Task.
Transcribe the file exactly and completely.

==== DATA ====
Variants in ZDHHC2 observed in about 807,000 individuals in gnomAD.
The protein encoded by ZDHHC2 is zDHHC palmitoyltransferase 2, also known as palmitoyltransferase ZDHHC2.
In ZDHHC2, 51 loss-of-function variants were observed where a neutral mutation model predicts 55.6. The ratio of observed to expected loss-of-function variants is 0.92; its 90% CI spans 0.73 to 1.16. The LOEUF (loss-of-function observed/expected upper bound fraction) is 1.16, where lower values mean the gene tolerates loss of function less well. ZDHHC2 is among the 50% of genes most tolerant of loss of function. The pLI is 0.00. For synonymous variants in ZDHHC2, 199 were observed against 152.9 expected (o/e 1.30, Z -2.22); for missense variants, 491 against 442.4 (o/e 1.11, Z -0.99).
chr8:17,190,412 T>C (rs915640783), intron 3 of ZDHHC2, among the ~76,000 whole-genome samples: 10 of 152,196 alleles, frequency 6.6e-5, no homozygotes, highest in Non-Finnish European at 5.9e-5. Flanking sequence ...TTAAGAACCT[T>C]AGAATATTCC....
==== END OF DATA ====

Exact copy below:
Variants in ZDHHC2 observed in about 807,000 individuals in gnomAD.
The protein encoded by ZDHHC2 is zDHHC palmitoyltransferase 2, also known as palmitoyltransferase ZDHHC2.
In ZDHHC2, 51 loss-of-function variants were observed where a neutral mutation model predicts 55.6. The ratio of observed to expected loss-of-function variants is 0.92; its 90% CI spans 0.73 to 1.16. The LOEUF (loss-of-function observed/expected upper bound fraction) is 1.16, where lower values mean the gene tolerates loss of function less well. ZDHHC2 is among the 50% of genes most tolerant of loss of function. The pLI is 0.00. For synonymous variants in ZDHHC2, 199 were observed against 152.9 expected (o/e 1.30, Z -2.22); for missense variants, 491 against 442.4 (o/e 1.11, Z -0.99).
chr8:17,190,412 T>C (rs915640783), intron 3 of ZDHHC2, among the ~76,000 whole-genome samples: 10 of 152,196 alleles, frequency 6.6e-5, no homozygotes, highest in Non-Finnish European at 5.9e-5. Flanking sequence ...TTAAGAACCT[T>C]AGAATATTCC....